Relay for Life offers chance to say thanks, help others

Alvina Cameron has already registered for Relay For Life, which strides out June 8 and 9 at Elks Park.

Canadian Cancer Society community giving co-ordinator Jen Dies watches as Arlene Smith and Alvina Cameron fill out their Relay For Life registration forms.

Canadian Cancer Society community giving co-ordinator Jen Dies watches as Arlene Smith and Alvina Cameron fill out their Relay For Life registration forms.

Alvina Cameron has already registered for Relay For Life, which strides out June 8 and 9 at Elks Park.

This will be her eighth walk through the night to raise funds for the Canadian Cancer Society.

Cameron has two reasons for participating – the awesome support she received when was diagnosed with stage 2 breast cancer and for the “wonderful, quick, efficient and compassionate treatment” she received while battling the disease.

“When I discovered my lump, my husband and I were so impressed with the quick appointments I received in order to get a diagnosis, she says.

New to the area, the Camerons had kept the news of Alvina’s cancer to themselves. But Will Sparks, former minister at First United Church, encouraged them to share their burden, not just with family and friends, but with their new church family as well.

It was at church that Cameron met Mary Gates, a woman who provided her with a valuable lifeline.

“She had gone through the same things and she got up, grabbed me by the hand and said ‘you’re coming to the great cancer support group,’” says Cameron.

In March 2004, she had two surgeries, quickly followed by chemotherapy and radiation, finishing her treatments in August.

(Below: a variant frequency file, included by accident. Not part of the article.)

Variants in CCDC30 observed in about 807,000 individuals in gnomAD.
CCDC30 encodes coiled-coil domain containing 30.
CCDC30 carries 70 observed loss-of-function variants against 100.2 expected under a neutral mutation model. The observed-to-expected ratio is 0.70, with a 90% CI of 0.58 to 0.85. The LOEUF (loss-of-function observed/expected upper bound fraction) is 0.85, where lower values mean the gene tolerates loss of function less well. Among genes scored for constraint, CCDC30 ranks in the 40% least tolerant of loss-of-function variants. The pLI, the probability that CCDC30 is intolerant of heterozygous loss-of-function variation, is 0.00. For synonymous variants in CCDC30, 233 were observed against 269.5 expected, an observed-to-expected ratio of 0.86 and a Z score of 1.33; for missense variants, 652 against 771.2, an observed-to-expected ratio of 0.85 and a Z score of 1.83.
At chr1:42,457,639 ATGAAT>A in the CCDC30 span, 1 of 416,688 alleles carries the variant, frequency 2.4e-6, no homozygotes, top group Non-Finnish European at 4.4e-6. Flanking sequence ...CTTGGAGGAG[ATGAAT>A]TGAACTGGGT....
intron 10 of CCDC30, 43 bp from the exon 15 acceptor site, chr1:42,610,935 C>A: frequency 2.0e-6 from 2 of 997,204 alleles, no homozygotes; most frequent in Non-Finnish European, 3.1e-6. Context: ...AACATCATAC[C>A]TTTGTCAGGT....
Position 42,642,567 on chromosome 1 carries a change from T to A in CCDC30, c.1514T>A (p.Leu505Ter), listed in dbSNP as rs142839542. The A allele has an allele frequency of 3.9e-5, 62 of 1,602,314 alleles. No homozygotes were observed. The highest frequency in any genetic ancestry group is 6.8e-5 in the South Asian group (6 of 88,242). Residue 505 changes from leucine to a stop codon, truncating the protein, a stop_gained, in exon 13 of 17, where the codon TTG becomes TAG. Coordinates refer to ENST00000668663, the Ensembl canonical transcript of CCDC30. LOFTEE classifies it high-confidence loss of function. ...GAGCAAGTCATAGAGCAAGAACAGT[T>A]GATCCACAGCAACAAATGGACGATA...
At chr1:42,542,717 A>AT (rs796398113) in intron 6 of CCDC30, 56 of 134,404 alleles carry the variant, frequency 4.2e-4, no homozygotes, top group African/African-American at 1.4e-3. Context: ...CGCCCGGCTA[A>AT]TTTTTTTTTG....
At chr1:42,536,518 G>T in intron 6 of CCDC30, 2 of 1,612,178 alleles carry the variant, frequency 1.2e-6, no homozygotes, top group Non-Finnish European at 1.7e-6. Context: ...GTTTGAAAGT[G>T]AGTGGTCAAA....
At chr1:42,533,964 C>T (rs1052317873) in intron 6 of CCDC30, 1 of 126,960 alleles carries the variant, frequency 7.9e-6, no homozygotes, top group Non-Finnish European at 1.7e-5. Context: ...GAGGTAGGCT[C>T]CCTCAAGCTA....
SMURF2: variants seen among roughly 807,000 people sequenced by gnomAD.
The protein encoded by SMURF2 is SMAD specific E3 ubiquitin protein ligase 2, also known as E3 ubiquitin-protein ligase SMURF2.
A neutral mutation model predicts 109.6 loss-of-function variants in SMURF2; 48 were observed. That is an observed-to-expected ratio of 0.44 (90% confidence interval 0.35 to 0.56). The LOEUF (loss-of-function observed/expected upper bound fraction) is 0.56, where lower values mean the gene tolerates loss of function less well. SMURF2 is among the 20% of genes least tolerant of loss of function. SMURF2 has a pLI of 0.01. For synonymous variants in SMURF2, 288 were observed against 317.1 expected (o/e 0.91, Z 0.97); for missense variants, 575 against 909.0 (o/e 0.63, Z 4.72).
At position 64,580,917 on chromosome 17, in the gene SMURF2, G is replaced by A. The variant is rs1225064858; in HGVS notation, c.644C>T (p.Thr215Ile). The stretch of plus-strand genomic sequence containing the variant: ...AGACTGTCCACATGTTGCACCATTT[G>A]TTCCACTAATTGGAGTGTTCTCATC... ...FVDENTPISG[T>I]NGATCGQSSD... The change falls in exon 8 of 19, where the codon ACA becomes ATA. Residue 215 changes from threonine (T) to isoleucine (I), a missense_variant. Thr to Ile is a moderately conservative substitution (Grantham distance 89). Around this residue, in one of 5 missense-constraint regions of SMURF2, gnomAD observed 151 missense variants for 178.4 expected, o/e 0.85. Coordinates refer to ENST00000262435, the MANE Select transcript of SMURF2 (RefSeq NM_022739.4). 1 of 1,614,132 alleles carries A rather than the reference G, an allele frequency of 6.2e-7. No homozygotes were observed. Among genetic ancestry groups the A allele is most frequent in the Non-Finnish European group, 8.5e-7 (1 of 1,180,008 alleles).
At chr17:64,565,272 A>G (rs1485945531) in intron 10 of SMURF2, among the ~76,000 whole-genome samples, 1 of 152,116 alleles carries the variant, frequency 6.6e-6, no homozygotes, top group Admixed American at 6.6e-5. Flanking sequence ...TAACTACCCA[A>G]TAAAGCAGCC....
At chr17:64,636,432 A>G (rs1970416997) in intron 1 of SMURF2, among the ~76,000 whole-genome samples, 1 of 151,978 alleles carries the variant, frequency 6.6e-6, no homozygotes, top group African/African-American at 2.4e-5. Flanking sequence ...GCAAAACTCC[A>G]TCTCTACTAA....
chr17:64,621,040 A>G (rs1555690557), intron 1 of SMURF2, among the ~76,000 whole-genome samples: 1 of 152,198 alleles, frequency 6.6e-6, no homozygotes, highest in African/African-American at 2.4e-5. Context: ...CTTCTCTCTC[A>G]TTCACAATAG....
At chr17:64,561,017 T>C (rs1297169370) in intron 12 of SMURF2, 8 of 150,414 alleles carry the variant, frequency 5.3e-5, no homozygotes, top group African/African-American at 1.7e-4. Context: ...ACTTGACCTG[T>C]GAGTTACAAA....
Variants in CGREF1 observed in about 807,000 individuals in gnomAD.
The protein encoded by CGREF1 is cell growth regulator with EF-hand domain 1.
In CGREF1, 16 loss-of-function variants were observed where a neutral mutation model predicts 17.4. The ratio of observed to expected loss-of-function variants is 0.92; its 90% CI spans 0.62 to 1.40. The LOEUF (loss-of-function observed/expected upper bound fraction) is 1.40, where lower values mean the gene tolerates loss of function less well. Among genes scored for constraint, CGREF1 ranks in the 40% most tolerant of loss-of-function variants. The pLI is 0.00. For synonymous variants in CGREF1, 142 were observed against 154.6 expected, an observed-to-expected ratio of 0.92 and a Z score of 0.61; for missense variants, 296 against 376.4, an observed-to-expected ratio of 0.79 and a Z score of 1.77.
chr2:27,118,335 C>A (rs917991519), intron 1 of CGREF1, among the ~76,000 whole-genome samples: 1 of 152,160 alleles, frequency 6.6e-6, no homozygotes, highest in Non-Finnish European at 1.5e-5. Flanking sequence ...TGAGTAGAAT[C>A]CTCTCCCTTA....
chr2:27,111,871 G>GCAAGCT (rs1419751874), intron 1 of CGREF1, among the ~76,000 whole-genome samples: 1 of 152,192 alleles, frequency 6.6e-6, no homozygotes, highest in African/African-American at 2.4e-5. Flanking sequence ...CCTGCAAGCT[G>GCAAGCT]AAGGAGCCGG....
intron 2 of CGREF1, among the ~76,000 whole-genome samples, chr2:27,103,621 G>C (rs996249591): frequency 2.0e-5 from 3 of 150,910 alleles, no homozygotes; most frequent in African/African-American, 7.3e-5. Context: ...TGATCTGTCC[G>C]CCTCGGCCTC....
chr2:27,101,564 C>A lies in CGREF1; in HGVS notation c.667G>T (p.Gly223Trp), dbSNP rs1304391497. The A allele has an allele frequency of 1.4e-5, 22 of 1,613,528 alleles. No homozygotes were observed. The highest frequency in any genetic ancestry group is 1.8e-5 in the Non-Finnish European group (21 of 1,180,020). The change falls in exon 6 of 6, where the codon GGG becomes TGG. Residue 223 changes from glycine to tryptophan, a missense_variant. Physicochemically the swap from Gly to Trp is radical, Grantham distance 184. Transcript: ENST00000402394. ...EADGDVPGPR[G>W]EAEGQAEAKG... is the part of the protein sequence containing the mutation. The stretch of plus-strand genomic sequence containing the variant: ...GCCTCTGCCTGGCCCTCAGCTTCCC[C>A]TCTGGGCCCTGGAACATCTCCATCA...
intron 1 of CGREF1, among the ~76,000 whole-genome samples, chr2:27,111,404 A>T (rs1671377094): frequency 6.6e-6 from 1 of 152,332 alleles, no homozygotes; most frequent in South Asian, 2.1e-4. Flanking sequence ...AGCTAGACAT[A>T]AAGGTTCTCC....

In the middle of the second of her three rounds of chemo, and extremely weak, Cameron faced rainy weather to walk the Relay For Life survivor lap – at Gates’ insistence.

“The sun came out, they put shavings on the route, and I made it. And that also empowered me, because I was going into that deep, dark hole,” she says, eyes filling with tears. “And when I saw and heard all the teams clapping and cheering, I thought, ‘I can do this, I can do two more rounds of chemo.’”

Not only was Cameron back the next year, but she canvassed her community and entered a new team, known then as the Blind Bay Babes.

The name was soon changed to the Blind Bay Bunch – a team that grew so big it had to be split into two groups, with good friend Arlene Smith sharing the captain’s load.

Although she is not a survivor herself, Smith walks for all the people she has lost and because Cameron inspires her.

“I am a survivor. I celebrate that I am a survivor…” Cameron says, holding her hand to her chest and tearing up again.

Two of Cameron’s younger sisters were also courageous, but lost their fight with cancer within four months of each other in 2011.

Cameron honours them and others by walking in the relay and her team invites cancer survivors to walk the special survivor lap and dine with them afterwards.

“They come and have supper with us at our site because it’s really important to celebrate,” she says. “Whether poorly or well, they are alive, and we need to live in the moment – we need to celebrate that.”

Relay For Life co-ordinator Jen Dies gives The Blind Bay Bunch a vocal pat on the back, pointing out the team has raised close to $74,000 in eight years.

“Their team is one of the older teams and they are always on the track,” says Dies.

And the Blind Bay Bunch is on-track to raise even more money for the Canadian Cancer Society.

A Murder Mystery Dinner Theatre event they are hosting April 19 and 20 sold out quickly and the team is looking forward to raising another $500 or $600 cleaning golf clubs at the Shuswap Lake Estates Golf Club.

The women will host a pancake breakfast at 8 a.m. April 27 at the Cedar Heights Centre. Tickets are $6 for adults, and children under six are free.

The theme of this year’s Relay For Life is nautical –  “drowning out cancer one wave at a time”

Register online at www.relaybc.ca or call Jen Dies at 250-833-4085 for more information.